NEW in 2010 OPENING Jan 17 at the Lee Hansley Gallery in Raleigh NC:
"The Legacy of Paul Hartly"
more info at www.leehansleygallery.com
four paintings by scott avett
envoy gallery presents: Scott Avett. Drawings.
see more at :: envoyenterprises.blogspot.com « click here »
Envoy gallery in New York City will be presenting an ongoing series of original drawings by Scott Avett --- sketches from the road, from home and from the life of a transient artist. To view the drawings, visit envoyenterprises.blogspot.com.
For more info on Envoy or to purchase any of the drawings in the series, call 212.226.4555, visit www.envoygallery.com or stop by 131 Chrystie St, New York, NY.
a note from SCOTT AVETT:
“While traveling constantly and moving as often as I do, I have learned that to occupy my time with learning and or creating is crucial to my well-being as an artist. It is important, like all things, that a balance is enforced and that I don't shut myself off entirely from my surroundings for there is so much to see around us. Never-the-less there are times where there is no way to turn but inward as well as there are times that the only way to grow or complete a task is to disappear and work. The drawings available through envoy gallery are products of that time disappearing. Each come from one of three scenarios, which are all, linked to my time with The Avett Brothers and our creative journey. One is self-portrait, my most loyal and accessible subject matte r, second is the observational drawing which is a drawing of a person place or thing around me used as practice or just to kill time, and three are preliminary drawings that serve as research for the visual side of The Avett Brothers.”
envoy . 131 Chrystie Street . New York NY . 10002 . link to envoy gallery
B D train to Grand Str . F train to 2nd Ave or Delancey Street . J M Z to Bowery
p: 212.226.4555 . e: firstname.lastname@example.org
envoy functions as a cutting-edge artist's space for
the visual and performing arts.
THE NEW YORK TIMES
By MARY BILLARD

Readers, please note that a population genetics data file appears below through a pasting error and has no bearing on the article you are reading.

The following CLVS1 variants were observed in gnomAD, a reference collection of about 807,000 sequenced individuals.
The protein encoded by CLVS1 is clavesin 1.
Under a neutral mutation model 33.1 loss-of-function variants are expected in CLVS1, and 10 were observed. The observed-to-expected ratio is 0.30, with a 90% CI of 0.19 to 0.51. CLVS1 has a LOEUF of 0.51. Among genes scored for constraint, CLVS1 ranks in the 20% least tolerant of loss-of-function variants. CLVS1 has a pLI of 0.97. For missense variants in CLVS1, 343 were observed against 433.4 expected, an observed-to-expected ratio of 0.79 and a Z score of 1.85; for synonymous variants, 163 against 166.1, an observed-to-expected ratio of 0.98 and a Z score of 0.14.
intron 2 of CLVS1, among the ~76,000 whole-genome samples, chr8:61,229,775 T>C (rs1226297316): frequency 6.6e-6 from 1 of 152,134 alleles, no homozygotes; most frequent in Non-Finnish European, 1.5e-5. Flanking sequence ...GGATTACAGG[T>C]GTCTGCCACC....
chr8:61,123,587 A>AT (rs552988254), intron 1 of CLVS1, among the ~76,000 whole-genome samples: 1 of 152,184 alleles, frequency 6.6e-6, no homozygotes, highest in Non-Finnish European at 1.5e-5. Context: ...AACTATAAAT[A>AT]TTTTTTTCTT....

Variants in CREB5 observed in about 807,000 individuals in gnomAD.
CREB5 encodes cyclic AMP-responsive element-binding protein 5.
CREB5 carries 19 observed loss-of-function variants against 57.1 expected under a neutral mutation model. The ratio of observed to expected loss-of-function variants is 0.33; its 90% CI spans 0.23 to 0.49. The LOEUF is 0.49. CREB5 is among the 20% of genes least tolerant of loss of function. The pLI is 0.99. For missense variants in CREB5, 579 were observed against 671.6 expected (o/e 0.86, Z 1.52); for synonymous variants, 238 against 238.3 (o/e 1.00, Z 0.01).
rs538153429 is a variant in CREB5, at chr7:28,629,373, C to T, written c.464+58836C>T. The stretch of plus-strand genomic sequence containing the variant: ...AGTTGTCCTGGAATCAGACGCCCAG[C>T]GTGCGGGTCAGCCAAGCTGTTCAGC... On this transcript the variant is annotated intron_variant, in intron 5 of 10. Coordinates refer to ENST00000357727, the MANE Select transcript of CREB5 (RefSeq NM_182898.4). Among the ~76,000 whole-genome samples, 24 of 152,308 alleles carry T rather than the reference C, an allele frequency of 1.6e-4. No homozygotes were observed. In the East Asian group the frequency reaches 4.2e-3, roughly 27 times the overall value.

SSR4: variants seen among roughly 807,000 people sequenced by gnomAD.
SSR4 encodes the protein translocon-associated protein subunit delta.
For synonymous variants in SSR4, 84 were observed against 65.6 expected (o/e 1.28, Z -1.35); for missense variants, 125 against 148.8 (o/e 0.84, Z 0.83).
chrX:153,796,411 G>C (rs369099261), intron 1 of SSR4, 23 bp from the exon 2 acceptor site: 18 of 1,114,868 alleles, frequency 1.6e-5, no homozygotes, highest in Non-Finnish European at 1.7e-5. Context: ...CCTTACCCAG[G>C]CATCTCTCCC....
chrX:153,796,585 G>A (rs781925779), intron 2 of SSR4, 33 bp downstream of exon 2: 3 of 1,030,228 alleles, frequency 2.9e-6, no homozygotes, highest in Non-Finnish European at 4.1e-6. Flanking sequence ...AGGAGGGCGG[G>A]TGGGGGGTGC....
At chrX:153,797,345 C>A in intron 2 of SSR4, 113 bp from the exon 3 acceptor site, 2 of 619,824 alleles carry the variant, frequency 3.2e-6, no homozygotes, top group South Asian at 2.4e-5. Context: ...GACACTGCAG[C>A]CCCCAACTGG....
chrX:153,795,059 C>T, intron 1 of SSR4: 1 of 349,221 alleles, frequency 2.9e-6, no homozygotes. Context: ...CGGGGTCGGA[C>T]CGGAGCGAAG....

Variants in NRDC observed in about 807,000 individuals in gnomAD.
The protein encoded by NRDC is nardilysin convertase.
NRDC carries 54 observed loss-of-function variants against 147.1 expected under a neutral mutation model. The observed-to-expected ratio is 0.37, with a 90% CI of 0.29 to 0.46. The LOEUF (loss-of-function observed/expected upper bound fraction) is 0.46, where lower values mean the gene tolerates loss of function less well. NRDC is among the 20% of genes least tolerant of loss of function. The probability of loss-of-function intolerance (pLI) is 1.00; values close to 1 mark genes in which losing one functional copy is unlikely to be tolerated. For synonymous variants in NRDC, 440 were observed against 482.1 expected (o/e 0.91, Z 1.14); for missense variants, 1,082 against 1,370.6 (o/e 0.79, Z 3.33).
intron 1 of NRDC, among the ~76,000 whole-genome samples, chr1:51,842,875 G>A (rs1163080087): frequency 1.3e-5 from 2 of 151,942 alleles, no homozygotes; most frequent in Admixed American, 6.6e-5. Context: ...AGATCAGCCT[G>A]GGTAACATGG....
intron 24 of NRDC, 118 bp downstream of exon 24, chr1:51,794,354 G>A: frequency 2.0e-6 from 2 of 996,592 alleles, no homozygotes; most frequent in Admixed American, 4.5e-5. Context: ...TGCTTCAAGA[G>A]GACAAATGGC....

Published: June 22, 2008
From Pickles to Paintings in New York’s Lower East Side
The Lower East Side of Manhattan is being SoHo-fied. (Or is it Chelsea-fied?) Concrete floors are being poured next to Chinatown fish stalls. White walls are going up beside kitchen supply shops. And on-the-edge contemporary art is being sold in a neighborhood better known for peddling pickles and counterfeit Goyard bags.
In the past year, a torrent of galleries has landed in this historically immigrant area, carving out a pioneering district for emerging artists. Anchoring the new gallery scene is the New Museum (235 Bowery; 212-219-1222; www.newmuseum.org), which moved into a striking seven-floor home on the Bowery last December. Since then, nearby galleries seem to be opening every month.
Among the newest is the DCKT Contemporary (195 Bowery; 212-741-9955; www.dcktcontemporary.com), which relocated in March to a former lighting store down the street from the New Museum. Like many recent arrivals, the gallery had been in a smaller, more expensive space in Chelsea. “Chelsea had reached its saturation point,” said Dennis Christie, a director.
Part of the allure is the scrappy neighborhood itself. Unlike Chelsea, which can feel like a gallery ghetto, a Lower East Side gallery-hop weaves past landmark synagogues, hole-in-the-wall dumpling houses and grittier, un-hip slices of old New York. Read more...